Mention asthma treatments, and most people immediately think of the little puffers (aerosol inhalers) which can be carried round in the socket. In fact, pocket-sized puffers are still the most common way of taking asthma treatments. However, the contents of the inhalers and the way in which they are used has changed.
Until ten years ago, people with asthma relied solely on reliever medicines such as .albutamol (Ventolin) in order to keep their symptoms under control. Now anyone who needs to use a reliever medicine more than once a day is advised to use a preventive treatment as well. If the preventive treatment proves effective, the symptoms of asthma may be controlled so effectively that the reliever treatment is hardly needed.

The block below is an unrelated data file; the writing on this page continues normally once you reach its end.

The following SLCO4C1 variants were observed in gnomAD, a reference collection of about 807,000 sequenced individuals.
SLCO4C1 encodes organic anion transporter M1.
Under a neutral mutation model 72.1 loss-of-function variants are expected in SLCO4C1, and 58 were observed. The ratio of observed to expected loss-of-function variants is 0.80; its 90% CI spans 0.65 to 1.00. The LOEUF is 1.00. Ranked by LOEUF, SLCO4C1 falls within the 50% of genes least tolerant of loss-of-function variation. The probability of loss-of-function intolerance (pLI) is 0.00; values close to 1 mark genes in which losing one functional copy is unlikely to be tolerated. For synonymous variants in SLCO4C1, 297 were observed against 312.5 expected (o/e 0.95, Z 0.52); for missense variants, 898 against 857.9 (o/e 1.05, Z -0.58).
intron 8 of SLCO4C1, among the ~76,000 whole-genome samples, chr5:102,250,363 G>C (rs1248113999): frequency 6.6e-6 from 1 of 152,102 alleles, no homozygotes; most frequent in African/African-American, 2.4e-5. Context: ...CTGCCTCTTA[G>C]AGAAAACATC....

Whenever possible, asthma medications are prescribed so that they can be inhaled. This allows the minimum possible dose of the drug to be used because the active ingredient is drawn directly into the airways, just where it is needed.
If a drug is swallowed, a great deal of it is absorbed in other parts of the body, or it is broken down in the liver. This means that doses need to be higher, with a greater risk of side effects.
Aims of treatment
The aims of asthma treatment are to enable the person with asthma to:
- Lead a full, active life.
- Take part in sporting activity (although cross-country running in the winter may not be an option).
- Lose no time from school or work.
- Be free of night-time symptoms.
- Keep lung function as normal as possible
It is important to be clear about the difference between preventer and reliever medicines because they work in completely different ways.